The Sonics gave me my first exposure to the garage band mentality: playing other people’s songs, but crazier than they did. When I was at school I had a CD compilation of all the recordings they’d made for the Etiquette label, as teenagers in Washington state back in the 1960s. I would blast them incessantly from a computer in art class. It actually went down okay.
What I loved about it was its raw energy: a man singing for his life every time, and the band playing just as intensely behind him – even when it was a Christmas song.
Tracks like ‘The Witch’ and ‘Strychnine’ are pillars of the garage rock genre, and because the band were fairly prolific (they released two albums – a lot compared to most ’60s garage bands) there’s a lot of material to sink your teeth into. You can get the full view of the aesthetic, as opposed to the little window you get from bands with only one or two surviving tracks.
Later on, bands like The Sonics and The Gruesomes were templates for what The Horrors would become in our early days. One of the first tracks we played and recorded together was ‘The Witch’. It was just within our realm of technical ability, and it was so fun to play that you’d just hammer on through it, whatever was going on.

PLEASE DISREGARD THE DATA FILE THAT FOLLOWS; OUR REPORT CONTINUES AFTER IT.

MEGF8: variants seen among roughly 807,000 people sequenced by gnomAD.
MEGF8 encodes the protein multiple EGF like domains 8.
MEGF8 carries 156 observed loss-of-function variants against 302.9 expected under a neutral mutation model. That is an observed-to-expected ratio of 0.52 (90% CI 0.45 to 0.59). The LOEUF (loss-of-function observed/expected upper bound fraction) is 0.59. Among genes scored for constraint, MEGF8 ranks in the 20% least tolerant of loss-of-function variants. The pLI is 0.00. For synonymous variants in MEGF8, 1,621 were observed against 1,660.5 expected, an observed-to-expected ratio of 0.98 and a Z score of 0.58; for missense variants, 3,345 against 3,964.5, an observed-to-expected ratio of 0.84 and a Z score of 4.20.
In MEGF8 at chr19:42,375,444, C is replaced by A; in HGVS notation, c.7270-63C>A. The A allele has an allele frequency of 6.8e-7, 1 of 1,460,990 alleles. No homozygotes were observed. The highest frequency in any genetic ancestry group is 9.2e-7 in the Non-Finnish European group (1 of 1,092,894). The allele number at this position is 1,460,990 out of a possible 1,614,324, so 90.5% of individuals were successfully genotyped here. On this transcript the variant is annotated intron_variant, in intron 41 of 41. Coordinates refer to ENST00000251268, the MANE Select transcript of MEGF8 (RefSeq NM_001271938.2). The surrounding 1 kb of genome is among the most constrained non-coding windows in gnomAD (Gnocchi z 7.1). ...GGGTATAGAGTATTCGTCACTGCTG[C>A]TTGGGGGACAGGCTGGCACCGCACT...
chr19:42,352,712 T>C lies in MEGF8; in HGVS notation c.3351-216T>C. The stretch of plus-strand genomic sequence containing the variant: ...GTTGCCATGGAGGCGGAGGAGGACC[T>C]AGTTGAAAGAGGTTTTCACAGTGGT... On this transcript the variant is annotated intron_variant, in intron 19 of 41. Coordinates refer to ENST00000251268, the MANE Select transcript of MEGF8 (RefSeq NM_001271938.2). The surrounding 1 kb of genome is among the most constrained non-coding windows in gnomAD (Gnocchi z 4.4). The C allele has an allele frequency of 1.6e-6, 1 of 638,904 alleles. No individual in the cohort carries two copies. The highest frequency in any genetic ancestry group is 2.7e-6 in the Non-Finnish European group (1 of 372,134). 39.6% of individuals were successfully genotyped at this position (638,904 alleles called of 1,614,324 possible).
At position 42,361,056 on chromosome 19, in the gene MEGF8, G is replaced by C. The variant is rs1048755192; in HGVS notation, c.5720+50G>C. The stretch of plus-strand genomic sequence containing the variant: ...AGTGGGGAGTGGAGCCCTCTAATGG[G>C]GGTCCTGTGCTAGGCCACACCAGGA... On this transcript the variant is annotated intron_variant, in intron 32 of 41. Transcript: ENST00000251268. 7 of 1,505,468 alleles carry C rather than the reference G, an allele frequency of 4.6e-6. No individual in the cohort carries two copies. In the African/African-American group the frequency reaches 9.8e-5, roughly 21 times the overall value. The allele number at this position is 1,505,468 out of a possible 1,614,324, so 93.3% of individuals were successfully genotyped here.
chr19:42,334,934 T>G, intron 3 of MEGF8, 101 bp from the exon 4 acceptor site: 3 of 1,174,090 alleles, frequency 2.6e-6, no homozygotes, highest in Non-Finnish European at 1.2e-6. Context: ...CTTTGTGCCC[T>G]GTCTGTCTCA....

The Sonics actually ended up asking us to play with them at their first European shows in 2008 – it was one of those weird full circles that happens every so often. I think, like a lot of bands of that era whose careers have had a late resurgence, they were fairly bemused by the whole experience. But they hadn’t lost their fire over the years.
UPPM release the compilation ‘Tom Furse Digs’ on August 7. The Sonics’ new album ‘This Is The Sonics’ is out now.
Previously: Why I love Cocteau Twins
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